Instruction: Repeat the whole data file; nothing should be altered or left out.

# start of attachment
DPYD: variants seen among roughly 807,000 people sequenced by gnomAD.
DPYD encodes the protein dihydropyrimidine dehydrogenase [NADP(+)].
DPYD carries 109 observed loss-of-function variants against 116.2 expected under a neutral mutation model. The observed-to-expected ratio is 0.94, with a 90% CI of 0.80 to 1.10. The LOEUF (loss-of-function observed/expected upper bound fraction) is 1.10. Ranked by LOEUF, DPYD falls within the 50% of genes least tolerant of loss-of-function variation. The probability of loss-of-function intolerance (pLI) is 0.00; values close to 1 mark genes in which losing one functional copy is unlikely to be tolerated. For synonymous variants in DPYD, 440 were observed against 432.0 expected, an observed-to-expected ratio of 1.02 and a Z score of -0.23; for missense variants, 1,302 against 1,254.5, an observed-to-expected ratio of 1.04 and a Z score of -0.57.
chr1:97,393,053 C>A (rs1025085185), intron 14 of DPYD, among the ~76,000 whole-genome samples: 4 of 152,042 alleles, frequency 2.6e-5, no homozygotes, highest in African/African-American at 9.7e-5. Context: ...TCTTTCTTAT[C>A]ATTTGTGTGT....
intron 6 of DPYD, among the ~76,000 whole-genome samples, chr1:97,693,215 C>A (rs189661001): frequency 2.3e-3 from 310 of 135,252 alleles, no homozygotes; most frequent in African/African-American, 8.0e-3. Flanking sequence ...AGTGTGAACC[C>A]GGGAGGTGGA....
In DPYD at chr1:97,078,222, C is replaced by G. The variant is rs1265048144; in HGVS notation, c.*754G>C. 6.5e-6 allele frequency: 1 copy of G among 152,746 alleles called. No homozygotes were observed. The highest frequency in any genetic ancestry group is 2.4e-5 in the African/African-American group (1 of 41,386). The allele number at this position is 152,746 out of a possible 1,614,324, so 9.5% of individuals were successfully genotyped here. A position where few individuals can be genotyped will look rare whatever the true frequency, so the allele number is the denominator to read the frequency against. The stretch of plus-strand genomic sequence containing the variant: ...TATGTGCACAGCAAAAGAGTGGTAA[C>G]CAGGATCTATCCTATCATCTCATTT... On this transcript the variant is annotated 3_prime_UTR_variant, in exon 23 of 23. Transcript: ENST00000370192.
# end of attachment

DPYD: variants seen among roughly 807,000 people sequenced by gnomAD.
DPYD encodes the protein dihydropyrimidine dehydrogenase [NADP(+)].
DPYD carries 109 observed loss-of-function variants against 116.2 expected under a neutral mutation model. The observed-to-expected ratio is 0.94, with a 90% CI of 0.80 to 1.10. The LOEUF (loss-of-function observed/expected upper bound fraction) is 1.10. Ranked by LOEUF, DPYD falls within the 50% of genes least tolerant of loss-of-function variation. The probability of loss-of-function intolerance (pLI) is 0.00; values close to 1 mark genes in which losing one functional copy is unlikely to be tolerated. For synonymous variants in DPYD, 440 were observed against 432.0 expected, an observed-to-expected ratio of 1.02 and a Z score of -0.23; for missense variants, 1,302 against 1,254.5, an observed-to-expected ratio of 1.04 and a Z score of -0.57.
chr1:97,393,053 C>A (rs1025085185), intron 14 of DPYD, among the ~76,000 whole-genome samples: 4 of 152,042 alleles, frequency 2.6e-5, no homozygotes, highest in African/African-American at 9.7e-5. Context: ...TCTTTCTTAT[C>A]ATTTGTGTGT....
intron 6 of DPYD, among the ~76,000 whole-genome samples, chr1:97,693,215 C>A (rs189661001): frequency 2.3e-3 from 310 of 135,252 alleles, no homozygotes; most frequent in African/African-American, 8.0e-3. Flanking sequence ...AGTGTGAACC[C>A]GGGAGGTGGA....
In DPYD at chr1:97,078,222, C is replaced by G. The variant is rs1265048144; in HGVS notation, c.*754G>C. 6.5e-6 allele frequency: 1 copy of G among 152,746 alleles called. No homozygotes were observed. The highest frequency in any genetic ancestry group is 2.4e-5 in the African/African-American group (1 of 41,386). The allele number at this position is 152,746 out of a possible 1,614,324, so 9.5% of individuals were successfully genotyped here. A position where few individuals can be genotyped will look rare whatever the true frequency, so the allele number is the denominator to read the frequency against. The stretch of plus-strand genomic sequence containing the variant: ...TATGTGCACAGCAAAAGAGTGGTAA[C>G]CAGGATCTATCCTATCATCTCATTT... On this transcript the variant is annotated 3_prime_UTR_variant, in exon 23 of 23. Transcript: ENST00000370192.